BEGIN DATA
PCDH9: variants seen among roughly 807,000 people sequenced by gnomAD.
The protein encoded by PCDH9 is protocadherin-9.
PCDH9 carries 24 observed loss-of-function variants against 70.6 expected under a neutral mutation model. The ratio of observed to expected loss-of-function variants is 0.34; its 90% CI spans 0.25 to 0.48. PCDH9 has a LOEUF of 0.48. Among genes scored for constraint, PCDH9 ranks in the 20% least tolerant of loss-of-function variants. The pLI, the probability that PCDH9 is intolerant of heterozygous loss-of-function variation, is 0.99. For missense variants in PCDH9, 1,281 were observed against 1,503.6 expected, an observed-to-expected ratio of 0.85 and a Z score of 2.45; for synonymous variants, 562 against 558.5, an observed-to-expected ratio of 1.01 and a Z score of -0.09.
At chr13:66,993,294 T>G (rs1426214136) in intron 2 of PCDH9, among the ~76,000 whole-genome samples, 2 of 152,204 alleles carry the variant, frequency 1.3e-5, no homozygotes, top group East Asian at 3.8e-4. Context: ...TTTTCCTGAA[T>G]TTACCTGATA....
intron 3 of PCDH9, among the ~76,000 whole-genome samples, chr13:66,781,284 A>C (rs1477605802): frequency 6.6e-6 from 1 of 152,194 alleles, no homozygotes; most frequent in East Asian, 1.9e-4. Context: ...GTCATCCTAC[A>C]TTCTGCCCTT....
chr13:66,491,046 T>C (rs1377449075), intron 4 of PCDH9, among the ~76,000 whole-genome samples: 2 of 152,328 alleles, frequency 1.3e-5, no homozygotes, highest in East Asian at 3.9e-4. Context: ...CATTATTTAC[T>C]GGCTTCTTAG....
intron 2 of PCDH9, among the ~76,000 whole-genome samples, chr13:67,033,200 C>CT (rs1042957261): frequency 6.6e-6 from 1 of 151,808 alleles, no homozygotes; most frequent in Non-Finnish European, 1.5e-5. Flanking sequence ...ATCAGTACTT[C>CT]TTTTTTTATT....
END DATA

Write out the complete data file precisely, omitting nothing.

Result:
PCDH9: variants seen among roughly 807,000 people sequenced by gnomAD.
The protein encoded by PCDH9 is protocadherin-9.
PCDH9 carries 24 observed loss-of-function variants against 70.6 expected under a neutral mutation model. The ratio of observed to expected loss-of-function variants is 0.34; its 90% CI spans 0.25 to 0.48. PCDH9 has a LOEUF of 0.48. Among genes scored for constraint, PCDH9 ranks in the 20% least tolerant of loss-of-function variants. The pLI, the probability that PCDH9 is intolerant of heterozygous loss-of-function variation, is 0.99. For missense variants in PCDH9, 1,281 were observed against 1,503.6 expected, an observed-to-expected ratio of 0.85 and a Z score of 2.45; for synonymous variants, 562 against 558.5, an observed-to-expected ratio of 1.01 and a Z score of -0.09.
At chr13:66,993,294 T>G (rs1426214136) in intron 2 of PCDH9, among the ~76,000 whole-genome samples, 2 of 152,204 alleles carry the variant, frequency 1.3e-5, no homozygotes, top group East Asian at 3.8e-4. Context: ...TTTTCCTGAA[T>G]TTACCTGATA....
intron 3 of PCDH9, among the ~76,000 whole-genome samples, chr13:66,781,284 A>C (rs1477605802): frequency 6.6e-6 from 1 of 152,194 alleles, no homozygotes; most frequent in East Asian, 1.9e-4. Context: ...GTCATCCTAC[A>C]TTCTGCCCTT....
chr13:66,491,046 T>C (rs1377449075), intron 4 of PCDH9, among the ~76,000 whole-genome samples: 2 of 152,328 alleles, frequency 1.3e-5, no homozygotes, highest in East Asian at 3.9e-4. Context: ...CATTATTTAC[T>C]GGCTTCTTAG....
intron 2 of PCDH9, among the ~76,000 whole-genome samples, chr13:67,033,200 C>CT (rs1042957261): frequency 6.6e-6 from 1 of 151,808 alleles, no homozygotes; most frequent in Non-Finnish European, 1.5e-5. Flanking sequence ...ATCAGTACTT[C>CT]TTTTTTTATT....